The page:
Reform and opening-up: China’s biggest concentric circle

|CGTN|Published:2018-12-19 15:24:01


Editor's note: Wang Shanshan is a current affairs commentator and former Washington bureau chief of China Radio International (CRI), with 10 years of research on China-U.S. relations. The article reflects the author's opinion, and not necessarily the views of CGTN.

Long lines of people have been willing to brave Beijing's bitter winter cold to see the exhibition on China's achievements over the past 40 years of its reform and opening-up drive. One-and-a-half million visitors came to the exhibition on one day. 

And it's no wonder, as almost every visitor could find something on display that they could relate to, be it a food ration card that reminded them of their struggle to make ends meet, or a sewing machine they could show to their kids and explain how invaluable it was for a family. The visitors marvel at how their lives have been utterly transformed within their lifetime, as China grew from a poverty-stricken country into the world's second-largest economy.

The transformation started on December 18, 1978, when the Third Plenary Session of the 11th Communist Party of China (CPC) Central Committee was convened. Forty years later to the day, a gathering was held at the Great Hall of the People to celebrate the event, which changed China's destiny and would greatly influence the world.

Addressing the gathering, China's President Xi Jinping made clear that reform and opening-up is one of the three major landmarks in China's modern history, alongside the establishment of the CPC and the founding of the People's Republic of China in 1949. China has taken the opportunity of the anniversary to reflect on what it has done right, and what it will do to ensure the country's future success.

The road to change started with efforts to correct the mistakes made during the Cultural Revolution, which had brought the national economy to the brink of collapse. “Poverty is not socialism,” said Deng Xiaoping, and “We must keep abreast of the times; that is the purpose of our reform.” 

Propelled by a yearning for change, the country moved forward with a combination of incremental self-improvement and bold experiments to free up productivity, nurture businesses, and upgrade the social welfare benefits available to the people.

And as time progressed, the successes of reform have accumulated. So it's perhaps not a surprise that in a recent survey by The Economist of people in 50 countries, 91.4 percent of the respondents in China were optimistic about their future, and believed that their lives would be even better in 10 years' time. The success of the past 40 years has given the Chinese people confidence in their ability to face challenges and find ways around obstacles.

There have been times when Western political and economic theories were all the rage. But Chinese people have learned through bitter experience that simply copying Western recipes for development doesn't work. This is why China formulated a recipe of its own that is rooted in its history and culture and based on its actual conditions.

One of the fundamental things that helped guarantee China's sustainable growth in a time full of uncertainties was a strong belief in the importance of having a long-term and systemic approach. As President Xi said, “Adherence to a system is a matter of fundamental, overall, and long-term importance that affects the development of the Party and the country.”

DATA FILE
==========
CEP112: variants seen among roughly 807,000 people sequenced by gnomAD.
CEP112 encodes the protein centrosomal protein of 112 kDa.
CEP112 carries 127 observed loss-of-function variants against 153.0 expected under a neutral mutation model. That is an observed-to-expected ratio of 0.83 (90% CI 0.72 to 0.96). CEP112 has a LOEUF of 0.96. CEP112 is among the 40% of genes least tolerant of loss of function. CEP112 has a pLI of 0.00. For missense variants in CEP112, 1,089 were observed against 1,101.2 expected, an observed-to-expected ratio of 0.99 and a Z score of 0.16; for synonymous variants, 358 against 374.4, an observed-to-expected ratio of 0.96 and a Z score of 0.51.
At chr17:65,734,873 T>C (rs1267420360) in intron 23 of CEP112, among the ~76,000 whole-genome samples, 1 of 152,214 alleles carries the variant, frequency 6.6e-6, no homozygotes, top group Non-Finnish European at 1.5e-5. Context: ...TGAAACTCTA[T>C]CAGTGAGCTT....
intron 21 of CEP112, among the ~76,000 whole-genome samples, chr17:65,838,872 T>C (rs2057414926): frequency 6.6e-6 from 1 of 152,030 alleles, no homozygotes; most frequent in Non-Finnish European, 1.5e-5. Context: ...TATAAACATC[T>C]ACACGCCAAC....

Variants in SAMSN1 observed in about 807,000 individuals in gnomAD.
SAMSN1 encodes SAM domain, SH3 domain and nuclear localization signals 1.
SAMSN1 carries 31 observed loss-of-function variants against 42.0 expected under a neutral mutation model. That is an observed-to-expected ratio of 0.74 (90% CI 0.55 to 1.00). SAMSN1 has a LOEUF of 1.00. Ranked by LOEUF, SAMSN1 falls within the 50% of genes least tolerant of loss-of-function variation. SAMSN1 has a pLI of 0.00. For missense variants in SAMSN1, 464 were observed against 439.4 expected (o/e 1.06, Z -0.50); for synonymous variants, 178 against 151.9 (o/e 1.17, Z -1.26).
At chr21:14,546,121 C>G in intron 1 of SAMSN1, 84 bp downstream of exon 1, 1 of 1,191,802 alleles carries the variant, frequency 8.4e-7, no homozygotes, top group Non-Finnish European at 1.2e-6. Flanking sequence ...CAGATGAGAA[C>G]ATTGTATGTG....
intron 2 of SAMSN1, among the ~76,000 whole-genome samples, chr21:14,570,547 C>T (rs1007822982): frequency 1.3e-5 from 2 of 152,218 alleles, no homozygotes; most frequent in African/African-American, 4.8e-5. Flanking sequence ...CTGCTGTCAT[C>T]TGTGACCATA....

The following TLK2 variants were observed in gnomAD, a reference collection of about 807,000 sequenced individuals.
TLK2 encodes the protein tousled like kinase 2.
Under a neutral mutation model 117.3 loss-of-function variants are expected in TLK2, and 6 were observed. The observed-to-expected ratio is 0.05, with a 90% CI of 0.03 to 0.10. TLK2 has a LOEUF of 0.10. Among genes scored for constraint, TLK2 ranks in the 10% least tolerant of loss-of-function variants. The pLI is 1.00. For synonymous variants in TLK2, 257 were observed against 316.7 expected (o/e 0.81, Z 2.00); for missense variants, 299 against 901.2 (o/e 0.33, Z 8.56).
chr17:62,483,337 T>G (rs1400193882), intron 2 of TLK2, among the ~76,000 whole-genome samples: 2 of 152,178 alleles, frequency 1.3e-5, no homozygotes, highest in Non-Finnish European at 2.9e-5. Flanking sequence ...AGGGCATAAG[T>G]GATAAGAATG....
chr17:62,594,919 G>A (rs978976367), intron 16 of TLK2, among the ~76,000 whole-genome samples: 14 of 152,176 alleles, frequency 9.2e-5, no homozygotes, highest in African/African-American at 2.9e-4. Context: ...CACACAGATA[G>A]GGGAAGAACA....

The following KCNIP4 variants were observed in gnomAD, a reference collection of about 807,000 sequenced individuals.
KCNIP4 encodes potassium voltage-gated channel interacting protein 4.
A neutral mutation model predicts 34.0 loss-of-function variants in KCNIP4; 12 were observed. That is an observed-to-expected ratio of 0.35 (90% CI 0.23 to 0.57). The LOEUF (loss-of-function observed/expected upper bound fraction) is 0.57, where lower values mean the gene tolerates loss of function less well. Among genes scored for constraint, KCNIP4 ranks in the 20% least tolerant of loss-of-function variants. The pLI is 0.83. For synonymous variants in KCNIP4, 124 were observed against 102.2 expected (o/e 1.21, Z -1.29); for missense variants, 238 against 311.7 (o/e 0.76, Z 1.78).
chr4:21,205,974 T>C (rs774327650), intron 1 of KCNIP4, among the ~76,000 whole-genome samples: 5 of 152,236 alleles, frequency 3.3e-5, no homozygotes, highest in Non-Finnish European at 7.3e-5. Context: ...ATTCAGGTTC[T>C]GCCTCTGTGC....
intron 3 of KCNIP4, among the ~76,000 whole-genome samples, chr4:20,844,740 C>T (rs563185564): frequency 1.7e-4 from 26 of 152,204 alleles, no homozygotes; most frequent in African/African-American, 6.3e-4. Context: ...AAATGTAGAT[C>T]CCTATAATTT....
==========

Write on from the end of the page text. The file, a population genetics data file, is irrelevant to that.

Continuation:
And an important part of that system is having strong leadership that provides consistency and predictability. These two traits are increasingly rare in a world where many countries only plan short-term policies that are little more than Band-Aids.

A second fundamental factor that has injected impetus into China's push for growth is a strong belief in the importance of culture. The "doctrine of the mean," an idea first advanced by the philosopher Confucius, is deeply ingrained in Chinese thought even today. At its most fundamental level, it is an understanding that carrying an idea to excess, even if it is one that can do good, is as bad as not taking it far enough to make it effective. 

By embracing this belief, Chinese national culture nurtures creativity and experimentation without running the risk of an overdose on either conservatism or liberalism. Deng Xiaoping perhaps put it best when, speaking about the interplay between ideology and economics, he said, “It doesn't matter whether a cat is black or white, as long as it catches mice.”

And lastly, China would not have benefited from reform at home if it had not opened up to the world. This is why China's government dedicated time in the anniversary celebrations to remember and recognize the contributions of 10 international friends who were generous in the support they gave to the country's development. They include the Japanese entrepreneur Konosuke Matsushita, who was one of the first major overseas industrialists to recognize China's potential as an economic powerhouse. 

Lee Kuan Yew, the man who led the transition of Singapore from the third world into the first in a single generation, was recognized for his role in pushing for Singapore's “deep engagement” in China's reform and opening-up. And Juan Antonio Samaranch, the former chairman of the International Olympic Committee, was warmly remembered by the people of China for helping to bring the world's most global sporting event to Beijing in 2008.

China's success was achieved through hard work, and thistles and thorns line the road ahead. The Chinese people are sober-minded that nurturing their growing aspirations for a better life and the rejuvenation of their nation will continue to pose challenges. But if the past 40 years has taught the world anything, it's that China is ready, willing, and able to face the road ahead.

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